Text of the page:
The primary pollutants affecting Bay water quality are nutrients-nitrogen and phosphorus-and sediment. Nutrients spur algae blooms, which block sunlight needed by underwater grasses, a key habitat for waterfowl, fish and crabs. When the algae die, they sink to the bottom and decompose in a process that draws oxygen out of the water, often making huge areas off-limits to most aquatic life. Sediment clouds the water and can smother important bottom habitats, such as oyster beds.

Excess amounts of nutrients and sediments keep the Bay from meeting water quality standards. Those standards, for dissolved oxygen, water clarity and chlorophyll a (a measure of algae) are designed to protect habitats used by fish, crabs and bottom-dwelling worms and clams that form the base of the Chesapeake food web.

Nutrient and sediment reductions have been a cornerstone of Bay restoration efforts since 1987. In 2003, water quality standards were refined and new cleanup goals established to meet them. According to those goals:

  • Nitrogen entering the Bay needed to be limited to 175 million pounds a year;
  • Phosphorus needed to be limited to 12.8 million pounds annually: and
  • Sediment needed to be limited to 4.15 million tons annually.

The states developed plans, known as tributary strategies, to achieve those goals.

According to estimates, states had taken enough actions through 2007 to reduce nitrogen to 262 million pounds (from an estimated 337 in 1985), phosphorus to 18.2 million pounds (from an estimated 27.1 million in 1985), and sediment to 4.76 million tons (from an estimated 5.83 million tons in 1985).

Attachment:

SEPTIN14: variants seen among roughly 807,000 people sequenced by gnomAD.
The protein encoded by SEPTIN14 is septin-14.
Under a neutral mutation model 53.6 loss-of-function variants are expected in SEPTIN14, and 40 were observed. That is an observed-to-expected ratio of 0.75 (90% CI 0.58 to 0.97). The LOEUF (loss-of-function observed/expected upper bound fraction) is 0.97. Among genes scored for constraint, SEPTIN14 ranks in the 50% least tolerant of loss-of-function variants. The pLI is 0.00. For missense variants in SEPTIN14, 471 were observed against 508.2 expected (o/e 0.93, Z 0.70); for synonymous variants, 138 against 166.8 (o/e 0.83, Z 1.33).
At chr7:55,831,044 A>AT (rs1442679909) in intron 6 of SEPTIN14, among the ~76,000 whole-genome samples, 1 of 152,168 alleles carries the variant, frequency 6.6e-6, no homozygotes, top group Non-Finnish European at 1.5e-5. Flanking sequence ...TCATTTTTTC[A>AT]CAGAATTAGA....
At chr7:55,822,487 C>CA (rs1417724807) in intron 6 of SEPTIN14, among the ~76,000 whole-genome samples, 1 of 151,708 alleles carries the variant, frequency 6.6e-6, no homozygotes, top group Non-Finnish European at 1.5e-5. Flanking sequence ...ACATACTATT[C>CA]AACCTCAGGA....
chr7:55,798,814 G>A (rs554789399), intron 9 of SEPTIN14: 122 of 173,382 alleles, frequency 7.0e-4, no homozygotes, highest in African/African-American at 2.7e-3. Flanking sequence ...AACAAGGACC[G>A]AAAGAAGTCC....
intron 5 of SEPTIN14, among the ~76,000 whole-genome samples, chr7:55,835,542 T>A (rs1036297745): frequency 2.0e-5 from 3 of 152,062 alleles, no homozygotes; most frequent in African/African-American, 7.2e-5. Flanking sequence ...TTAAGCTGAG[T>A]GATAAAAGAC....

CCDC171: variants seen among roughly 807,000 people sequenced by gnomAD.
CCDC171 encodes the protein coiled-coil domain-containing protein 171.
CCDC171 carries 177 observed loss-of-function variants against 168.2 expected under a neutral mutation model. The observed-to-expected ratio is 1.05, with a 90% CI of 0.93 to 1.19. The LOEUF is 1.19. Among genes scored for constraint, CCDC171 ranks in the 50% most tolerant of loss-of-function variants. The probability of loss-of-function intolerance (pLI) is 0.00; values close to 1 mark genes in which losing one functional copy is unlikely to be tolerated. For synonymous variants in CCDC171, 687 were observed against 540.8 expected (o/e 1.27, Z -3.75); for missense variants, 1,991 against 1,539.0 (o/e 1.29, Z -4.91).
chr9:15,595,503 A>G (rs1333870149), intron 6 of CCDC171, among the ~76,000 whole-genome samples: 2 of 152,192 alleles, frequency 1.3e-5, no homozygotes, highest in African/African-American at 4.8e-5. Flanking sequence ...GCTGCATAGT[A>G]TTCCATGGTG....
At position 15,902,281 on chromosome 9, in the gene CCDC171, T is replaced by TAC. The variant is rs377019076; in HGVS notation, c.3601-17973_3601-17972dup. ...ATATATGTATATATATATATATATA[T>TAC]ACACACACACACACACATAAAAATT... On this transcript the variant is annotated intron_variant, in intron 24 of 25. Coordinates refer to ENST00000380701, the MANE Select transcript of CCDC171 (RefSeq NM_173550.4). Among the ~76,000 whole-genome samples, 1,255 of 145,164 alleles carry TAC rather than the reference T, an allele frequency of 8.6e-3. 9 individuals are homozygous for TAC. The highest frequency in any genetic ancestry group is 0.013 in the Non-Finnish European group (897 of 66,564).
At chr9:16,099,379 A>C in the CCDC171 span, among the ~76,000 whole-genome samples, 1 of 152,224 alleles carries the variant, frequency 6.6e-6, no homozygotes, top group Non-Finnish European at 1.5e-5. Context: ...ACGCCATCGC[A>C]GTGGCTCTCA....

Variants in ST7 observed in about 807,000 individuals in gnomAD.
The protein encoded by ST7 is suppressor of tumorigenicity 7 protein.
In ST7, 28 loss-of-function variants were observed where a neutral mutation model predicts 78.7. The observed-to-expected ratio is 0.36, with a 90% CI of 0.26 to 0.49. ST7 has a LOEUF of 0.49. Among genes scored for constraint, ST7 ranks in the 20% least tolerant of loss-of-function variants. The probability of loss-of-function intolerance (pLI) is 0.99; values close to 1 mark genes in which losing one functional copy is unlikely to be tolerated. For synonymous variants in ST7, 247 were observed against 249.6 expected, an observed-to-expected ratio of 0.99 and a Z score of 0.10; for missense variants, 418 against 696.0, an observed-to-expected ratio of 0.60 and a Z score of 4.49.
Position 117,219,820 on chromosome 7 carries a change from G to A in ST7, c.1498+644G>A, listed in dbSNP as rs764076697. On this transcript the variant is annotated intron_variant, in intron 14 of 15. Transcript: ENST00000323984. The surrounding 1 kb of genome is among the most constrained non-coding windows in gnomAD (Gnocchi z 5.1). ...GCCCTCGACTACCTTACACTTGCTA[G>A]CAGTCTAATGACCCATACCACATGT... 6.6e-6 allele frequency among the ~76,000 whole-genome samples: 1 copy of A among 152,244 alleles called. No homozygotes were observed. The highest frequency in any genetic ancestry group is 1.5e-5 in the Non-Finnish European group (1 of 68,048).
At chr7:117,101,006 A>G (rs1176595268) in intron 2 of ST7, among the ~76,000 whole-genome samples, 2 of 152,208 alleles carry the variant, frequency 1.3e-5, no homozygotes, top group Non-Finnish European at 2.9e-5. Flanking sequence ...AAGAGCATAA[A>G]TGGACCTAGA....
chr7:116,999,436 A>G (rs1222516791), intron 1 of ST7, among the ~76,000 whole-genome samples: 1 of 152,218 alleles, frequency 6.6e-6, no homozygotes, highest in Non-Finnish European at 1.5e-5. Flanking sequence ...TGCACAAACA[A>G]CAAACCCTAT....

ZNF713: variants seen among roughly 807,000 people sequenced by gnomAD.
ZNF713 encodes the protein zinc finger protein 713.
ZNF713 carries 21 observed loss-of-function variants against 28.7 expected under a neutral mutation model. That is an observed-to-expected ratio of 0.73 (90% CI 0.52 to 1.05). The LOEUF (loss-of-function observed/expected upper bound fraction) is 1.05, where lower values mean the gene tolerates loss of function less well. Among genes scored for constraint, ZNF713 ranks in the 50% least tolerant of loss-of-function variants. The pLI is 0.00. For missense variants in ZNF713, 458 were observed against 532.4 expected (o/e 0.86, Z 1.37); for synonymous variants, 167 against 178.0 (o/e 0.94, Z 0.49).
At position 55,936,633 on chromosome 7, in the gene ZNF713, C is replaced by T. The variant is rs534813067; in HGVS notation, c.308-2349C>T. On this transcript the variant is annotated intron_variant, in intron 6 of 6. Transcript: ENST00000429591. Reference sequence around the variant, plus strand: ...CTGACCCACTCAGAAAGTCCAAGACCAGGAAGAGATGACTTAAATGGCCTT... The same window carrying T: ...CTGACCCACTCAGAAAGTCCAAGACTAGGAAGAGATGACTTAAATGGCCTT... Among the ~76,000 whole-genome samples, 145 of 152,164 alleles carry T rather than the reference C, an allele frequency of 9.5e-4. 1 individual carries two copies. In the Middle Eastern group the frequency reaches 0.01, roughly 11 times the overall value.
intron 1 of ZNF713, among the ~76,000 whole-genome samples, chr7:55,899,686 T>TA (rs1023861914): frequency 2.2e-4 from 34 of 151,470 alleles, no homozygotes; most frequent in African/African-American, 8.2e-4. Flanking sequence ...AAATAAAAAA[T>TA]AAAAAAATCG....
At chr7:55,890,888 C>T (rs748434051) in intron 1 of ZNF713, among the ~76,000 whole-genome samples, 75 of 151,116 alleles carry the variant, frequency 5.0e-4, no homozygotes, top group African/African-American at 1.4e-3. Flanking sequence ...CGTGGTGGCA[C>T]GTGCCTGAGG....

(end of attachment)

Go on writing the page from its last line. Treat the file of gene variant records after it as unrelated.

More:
Those figures are under review, using more sophisticated computer models. Initial indications are that more nutrients (but possibly less sediment) are reaching the Bay than previously believed.

Because efforts to meet water quality standards have failed, the Clean Water Act requires that a new cleanup plan, called a Total Maximum Daily Load, be established. Like past goals, a TMDL sets the maximum amount of pollution that the Chesapeake can receive and meet its water quality standards.

The TMDL is being developed by the EPA with input from all jurisdictions in the watershed-Maryland, Virginia, Pennsylvania, Delaware, West Virginia, New York and the District of Columbia. The TMDL, which will be based on new modeling, will require the development of new tributary strategies. Unlike past tributary strategies, the plans developed for the TMDL must provide "reasonable assurance" that the goals will be achieved.

State and EPA officials have said they want the TMDL to be a model for the nation, with more mechanisms to ensure that progress toward the goal is maintained. Although the TMDL requires more planning and documentation than past cleanup plans, it does not provide any new authority to reduce pollution-for instance, the EPA does not have authority to regulate runoff from farms, and a TMDL does not give it that power.

But if the Bay does not reach its water quality standards because of unregulated sources, the EPA could demand additional reductions from sources it does have authority to regulate, such as wastewater treatment plants. Because achieving further reductions from those dischargers would be hugely expensive, it would put pressure on states to establish more effective programs to control other sources of pollution.